In just a matter of weeks, children throughout Northern Illinois will be done with school for the summertime. If you have children, you have probably seen signs of excitement. They may be ready to sleep in later than usual and to spend time outdoors with friends. You, the parent, may be eager for summer to arrive as well, but if you are divorced, the extended break may bring a few additional concerns. If you are currently subject to any type of shared parenting arrangement or custody order, it is time to begin making plans for the summer months ahead.
Know What Your Plan Says
The most important thing you need to do before summer break arrives is to review your existing parenting arrangements so that you are refreshed on your rights and responsibilities. Your parenting plan likely contains at least a bare-bones parenting time schedule. In some cases, the schedule may actually be quite detailed.
Many parenting plans offer the majority of the summer parenting time to the parent who gets less time with the children during the school year. This is especially common when that parent lives in another city or state. Other agreements maintain a schedule that is largely similar to the one used during the rest of the year with allowances for summer holidays, planned trips, or other special occasions.
Once you know what your parenting plan says, you can begin to make plans and to start negotiations with the other parent, if necessary. For example, if you want to take your children on a week-long vacation in July, doing so may require the other parent to give up a few days of scheduled parenting time. While this is not an unreasonable request, you should be prepared to give up some of your parenting time on another occasion to facilitate plans by the other parent.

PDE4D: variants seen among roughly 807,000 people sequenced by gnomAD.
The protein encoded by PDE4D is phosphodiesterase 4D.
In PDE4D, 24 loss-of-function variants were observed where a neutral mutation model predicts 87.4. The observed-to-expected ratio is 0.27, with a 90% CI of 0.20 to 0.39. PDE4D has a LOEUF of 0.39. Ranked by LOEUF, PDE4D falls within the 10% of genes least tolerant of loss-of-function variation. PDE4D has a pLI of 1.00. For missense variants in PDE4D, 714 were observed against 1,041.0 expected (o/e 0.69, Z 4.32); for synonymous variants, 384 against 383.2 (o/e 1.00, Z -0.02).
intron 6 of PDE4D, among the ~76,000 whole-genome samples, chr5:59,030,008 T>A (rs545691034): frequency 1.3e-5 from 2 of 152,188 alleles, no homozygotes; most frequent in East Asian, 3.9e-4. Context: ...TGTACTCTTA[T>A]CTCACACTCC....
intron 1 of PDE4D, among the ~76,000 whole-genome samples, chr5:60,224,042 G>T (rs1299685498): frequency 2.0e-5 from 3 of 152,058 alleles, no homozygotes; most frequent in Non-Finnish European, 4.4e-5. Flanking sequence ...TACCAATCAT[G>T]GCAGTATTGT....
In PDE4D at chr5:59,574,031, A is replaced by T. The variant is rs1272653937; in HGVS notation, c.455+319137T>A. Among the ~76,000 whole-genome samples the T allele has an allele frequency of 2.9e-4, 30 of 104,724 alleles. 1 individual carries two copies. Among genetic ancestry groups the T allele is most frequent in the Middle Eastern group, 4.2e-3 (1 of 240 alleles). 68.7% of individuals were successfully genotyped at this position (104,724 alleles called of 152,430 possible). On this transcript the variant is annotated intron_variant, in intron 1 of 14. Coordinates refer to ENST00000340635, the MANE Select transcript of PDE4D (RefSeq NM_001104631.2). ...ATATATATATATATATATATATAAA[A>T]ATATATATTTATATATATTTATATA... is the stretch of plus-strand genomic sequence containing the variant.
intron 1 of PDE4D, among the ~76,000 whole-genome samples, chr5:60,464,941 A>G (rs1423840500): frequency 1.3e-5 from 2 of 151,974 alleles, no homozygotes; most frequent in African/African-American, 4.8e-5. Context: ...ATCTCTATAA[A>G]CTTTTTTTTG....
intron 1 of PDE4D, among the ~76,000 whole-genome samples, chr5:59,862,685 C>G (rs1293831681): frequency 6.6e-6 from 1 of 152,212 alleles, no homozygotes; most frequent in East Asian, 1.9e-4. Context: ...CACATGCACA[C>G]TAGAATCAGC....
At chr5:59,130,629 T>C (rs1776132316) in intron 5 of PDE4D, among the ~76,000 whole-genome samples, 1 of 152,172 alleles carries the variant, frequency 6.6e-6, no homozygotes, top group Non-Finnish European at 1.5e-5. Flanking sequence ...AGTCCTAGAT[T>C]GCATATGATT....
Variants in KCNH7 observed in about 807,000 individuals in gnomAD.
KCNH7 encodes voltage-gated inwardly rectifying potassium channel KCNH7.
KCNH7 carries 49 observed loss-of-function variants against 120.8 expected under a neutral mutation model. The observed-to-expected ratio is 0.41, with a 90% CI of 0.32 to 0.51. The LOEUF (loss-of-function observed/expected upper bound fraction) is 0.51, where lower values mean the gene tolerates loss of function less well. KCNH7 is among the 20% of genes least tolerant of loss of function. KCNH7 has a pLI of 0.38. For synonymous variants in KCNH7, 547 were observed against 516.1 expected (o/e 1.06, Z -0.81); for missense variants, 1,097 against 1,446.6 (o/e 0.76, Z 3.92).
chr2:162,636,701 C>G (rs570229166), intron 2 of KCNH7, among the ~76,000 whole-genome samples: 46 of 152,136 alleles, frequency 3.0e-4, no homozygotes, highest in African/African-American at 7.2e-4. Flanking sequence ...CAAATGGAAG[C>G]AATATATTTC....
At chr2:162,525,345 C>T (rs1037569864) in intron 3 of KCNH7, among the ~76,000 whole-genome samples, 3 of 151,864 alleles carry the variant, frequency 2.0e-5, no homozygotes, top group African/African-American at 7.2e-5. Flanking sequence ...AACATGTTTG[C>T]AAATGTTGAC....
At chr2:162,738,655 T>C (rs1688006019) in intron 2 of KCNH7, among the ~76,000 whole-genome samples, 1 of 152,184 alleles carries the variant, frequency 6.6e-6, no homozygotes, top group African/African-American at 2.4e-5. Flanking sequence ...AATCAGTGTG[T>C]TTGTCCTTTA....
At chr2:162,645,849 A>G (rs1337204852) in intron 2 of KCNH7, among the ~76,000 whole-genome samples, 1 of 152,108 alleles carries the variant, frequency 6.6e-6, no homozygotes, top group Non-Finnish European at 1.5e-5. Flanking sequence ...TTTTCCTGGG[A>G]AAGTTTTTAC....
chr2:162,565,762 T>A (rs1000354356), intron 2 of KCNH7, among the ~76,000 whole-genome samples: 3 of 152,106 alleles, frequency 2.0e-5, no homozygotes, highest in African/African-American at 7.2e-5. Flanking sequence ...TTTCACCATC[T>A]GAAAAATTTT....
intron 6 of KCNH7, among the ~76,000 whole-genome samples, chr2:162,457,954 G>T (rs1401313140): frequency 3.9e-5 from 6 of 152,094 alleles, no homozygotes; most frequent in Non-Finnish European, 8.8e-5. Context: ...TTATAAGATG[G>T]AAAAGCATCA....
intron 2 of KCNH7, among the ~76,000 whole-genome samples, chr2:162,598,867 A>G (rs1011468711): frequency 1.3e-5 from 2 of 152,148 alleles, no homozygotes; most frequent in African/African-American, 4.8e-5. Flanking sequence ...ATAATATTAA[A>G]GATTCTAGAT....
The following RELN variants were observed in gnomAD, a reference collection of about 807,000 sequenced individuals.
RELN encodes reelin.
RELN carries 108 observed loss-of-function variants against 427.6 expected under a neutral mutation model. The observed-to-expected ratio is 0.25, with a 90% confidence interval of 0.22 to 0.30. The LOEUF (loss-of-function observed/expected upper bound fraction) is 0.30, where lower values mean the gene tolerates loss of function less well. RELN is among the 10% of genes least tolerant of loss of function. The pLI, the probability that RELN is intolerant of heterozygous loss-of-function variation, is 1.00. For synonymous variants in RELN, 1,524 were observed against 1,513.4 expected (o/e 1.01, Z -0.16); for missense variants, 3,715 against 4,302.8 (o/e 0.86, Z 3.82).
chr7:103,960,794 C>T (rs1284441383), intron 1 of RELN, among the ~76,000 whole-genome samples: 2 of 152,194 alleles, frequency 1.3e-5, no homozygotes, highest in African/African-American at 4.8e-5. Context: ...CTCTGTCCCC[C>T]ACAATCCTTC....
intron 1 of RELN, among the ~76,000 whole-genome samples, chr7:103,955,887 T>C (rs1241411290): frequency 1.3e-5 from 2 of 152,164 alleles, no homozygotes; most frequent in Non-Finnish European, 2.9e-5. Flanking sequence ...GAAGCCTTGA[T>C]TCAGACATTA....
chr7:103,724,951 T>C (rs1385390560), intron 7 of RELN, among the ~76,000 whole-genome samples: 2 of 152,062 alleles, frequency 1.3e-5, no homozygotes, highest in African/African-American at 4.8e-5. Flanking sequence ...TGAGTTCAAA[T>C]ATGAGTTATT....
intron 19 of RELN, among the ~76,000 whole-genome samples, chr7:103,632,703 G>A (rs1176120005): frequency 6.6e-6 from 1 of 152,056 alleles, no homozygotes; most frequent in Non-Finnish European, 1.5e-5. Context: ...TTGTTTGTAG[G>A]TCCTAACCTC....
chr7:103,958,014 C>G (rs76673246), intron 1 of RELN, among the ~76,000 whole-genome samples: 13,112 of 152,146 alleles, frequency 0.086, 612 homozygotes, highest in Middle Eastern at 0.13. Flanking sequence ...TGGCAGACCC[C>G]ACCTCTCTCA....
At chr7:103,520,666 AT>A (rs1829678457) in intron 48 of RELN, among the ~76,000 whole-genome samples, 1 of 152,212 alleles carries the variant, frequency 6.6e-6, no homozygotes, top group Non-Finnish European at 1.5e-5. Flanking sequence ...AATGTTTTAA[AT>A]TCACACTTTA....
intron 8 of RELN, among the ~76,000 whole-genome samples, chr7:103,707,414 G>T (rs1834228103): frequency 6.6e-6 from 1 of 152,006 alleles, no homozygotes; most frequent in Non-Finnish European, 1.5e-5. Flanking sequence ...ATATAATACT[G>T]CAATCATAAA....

Communication Is Key
If you and the other parent intentionally left your parenting arrangement rather vague regarding summer parenting time, you will need to communicate and work together. It is better to begin the planning process now rather than to wait until the last minute. Planning ahead allows you to know what will soon be happening, and it gives you the chance to keep your children informed as well. Your children cannot get excited about a planned event if they do not know about it.
Regardless of what has occurred between you and the other parent, do your best to remain flexible this summer—at least to a certain extent. Summer is the perfect setting for spontaneous day trips, baseball games, and picnics. Your children’s other parent may ask for an extra day to offer them an impromptu surprise, or you may have a similar idea of your own. Be willing to extend such a courtesy, as doing so can allow your children to get the most out of this summer’s break.
If you are struggling to come up with a summer parenting time schedule or your existing arrangement needs to be amended, contact an experienced DuPage County family law attorney. Call 630-871-1002 to schedule a free, no-obligation consultation at Andrew Cores Family Law Group today.